IN MY OPINION

Fans soak in a magic night of unparalleled pageantry
BY ADAM H. BEASLEY AND CHARLES RABIN
abeasley@MiamiHerald.com

Mexican cops using power of ‘perp walks’
■ Mexican police turn to flashy public arrests, rather than criminal convictions, to bolster their tough-on-crime image. But sometimes, the innocent pay a price.
BY TIM JOHNSON
McClatchy News Service

Greg Cote
gcote@MiamiHerald.com

More coverage

What worked and what didn’t in the stadium, 2A Opener marred by Marlins’ loss to Cardinals, 1D Muhammad Ali helps make festivities special, 12D Gaudy home run sculpture scores a hit with fans, 14D See commemorative poster of stadium, 16D MiamiHerald.com/marlins: More stories and photos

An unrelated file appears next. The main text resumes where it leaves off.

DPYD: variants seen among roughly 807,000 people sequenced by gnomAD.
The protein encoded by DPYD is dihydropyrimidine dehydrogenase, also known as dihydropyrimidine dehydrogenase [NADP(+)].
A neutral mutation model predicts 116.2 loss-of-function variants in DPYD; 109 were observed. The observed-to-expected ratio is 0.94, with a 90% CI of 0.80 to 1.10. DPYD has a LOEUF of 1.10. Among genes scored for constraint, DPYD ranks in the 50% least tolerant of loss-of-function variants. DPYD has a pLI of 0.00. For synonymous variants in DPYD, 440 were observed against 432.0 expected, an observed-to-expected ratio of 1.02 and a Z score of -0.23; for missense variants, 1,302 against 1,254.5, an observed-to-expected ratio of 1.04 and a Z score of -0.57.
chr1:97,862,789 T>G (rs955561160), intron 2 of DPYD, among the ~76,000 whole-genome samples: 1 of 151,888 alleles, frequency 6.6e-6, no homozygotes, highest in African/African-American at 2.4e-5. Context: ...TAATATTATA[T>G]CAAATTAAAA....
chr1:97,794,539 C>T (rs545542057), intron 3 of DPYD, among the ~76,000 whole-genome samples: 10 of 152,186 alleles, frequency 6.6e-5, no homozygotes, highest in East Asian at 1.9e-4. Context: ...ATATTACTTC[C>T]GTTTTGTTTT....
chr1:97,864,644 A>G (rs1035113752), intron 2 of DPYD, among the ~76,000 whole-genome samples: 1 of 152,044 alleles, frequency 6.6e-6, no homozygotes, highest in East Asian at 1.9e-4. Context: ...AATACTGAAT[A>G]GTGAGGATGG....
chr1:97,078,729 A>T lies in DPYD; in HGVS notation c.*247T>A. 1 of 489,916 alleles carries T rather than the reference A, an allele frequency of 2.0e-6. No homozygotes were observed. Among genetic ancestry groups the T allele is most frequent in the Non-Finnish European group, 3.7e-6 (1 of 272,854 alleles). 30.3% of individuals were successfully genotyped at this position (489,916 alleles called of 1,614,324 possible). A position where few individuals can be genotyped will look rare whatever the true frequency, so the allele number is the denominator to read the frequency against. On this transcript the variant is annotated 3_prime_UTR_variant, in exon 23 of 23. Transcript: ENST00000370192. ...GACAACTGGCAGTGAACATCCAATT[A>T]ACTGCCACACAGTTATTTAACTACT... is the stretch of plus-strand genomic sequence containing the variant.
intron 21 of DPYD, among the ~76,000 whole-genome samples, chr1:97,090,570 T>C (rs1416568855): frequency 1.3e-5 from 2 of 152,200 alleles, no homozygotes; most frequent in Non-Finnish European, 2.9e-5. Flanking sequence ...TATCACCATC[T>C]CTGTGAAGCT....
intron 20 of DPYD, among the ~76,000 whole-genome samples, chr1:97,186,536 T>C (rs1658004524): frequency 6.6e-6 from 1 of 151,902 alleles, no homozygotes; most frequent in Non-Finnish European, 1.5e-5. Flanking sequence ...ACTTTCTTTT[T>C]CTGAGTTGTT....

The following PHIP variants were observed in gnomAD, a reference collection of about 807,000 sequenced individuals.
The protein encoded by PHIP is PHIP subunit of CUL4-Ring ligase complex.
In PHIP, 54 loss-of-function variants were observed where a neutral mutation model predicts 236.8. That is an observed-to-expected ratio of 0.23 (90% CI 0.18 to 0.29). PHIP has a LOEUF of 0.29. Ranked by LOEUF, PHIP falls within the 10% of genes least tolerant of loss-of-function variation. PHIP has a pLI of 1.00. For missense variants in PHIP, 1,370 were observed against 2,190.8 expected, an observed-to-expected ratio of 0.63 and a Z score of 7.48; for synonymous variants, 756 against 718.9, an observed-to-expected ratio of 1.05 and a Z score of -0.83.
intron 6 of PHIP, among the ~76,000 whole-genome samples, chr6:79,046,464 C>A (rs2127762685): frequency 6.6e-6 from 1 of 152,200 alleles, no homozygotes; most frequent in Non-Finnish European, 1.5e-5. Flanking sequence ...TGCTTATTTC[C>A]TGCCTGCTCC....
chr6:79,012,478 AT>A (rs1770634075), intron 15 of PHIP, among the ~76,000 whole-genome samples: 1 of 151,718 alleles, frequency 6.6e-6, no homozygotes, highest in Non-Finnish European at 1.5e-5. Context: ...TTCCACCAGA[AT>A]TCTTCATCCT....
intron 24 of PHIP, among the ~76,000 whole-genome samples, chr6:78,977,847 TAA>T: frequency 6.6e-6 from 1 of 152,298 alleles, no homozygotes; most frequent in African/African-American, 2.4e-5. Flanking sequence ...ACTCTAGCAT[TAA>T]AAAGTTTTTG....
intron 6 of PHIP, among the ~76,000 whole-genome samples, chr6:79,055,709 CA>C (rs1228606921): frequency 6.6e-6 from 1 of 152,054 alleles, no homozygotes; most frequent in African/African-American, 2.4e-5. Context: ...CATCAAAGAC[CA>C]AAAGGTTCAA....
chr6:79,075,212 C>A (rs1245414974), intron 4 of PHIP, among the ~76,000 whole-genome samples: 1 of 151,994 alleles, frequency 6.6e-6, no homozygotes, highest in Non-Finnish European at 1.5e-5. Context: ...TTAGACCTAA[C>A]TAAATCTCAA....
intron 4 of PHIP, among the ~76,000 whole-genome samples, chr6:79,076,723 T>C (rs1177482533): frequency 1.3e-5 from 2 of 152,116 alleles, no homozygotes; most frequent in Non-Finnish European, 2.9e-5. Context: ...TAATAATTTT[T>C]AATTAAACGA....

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MEXICO CITY — It all began with confusion over a name, and it still isn’t over for Aldo Christopher Granada Rivera. After eight months in a Mexican prison, he developed a facial tic and flinches at the sound of sirens. Granada finally went free. But he’s one of many victims of Mexican law-enforcement officials’ practice of parading detainees in public “perp walks” and public news conferences, hoping to regain the trust of a citizenry besieged by organized crime. Human rights officials say Mexican authorities have nabbed innocent people repeatedly and smeared them in front of television cameras to burnish their image as crime fighters.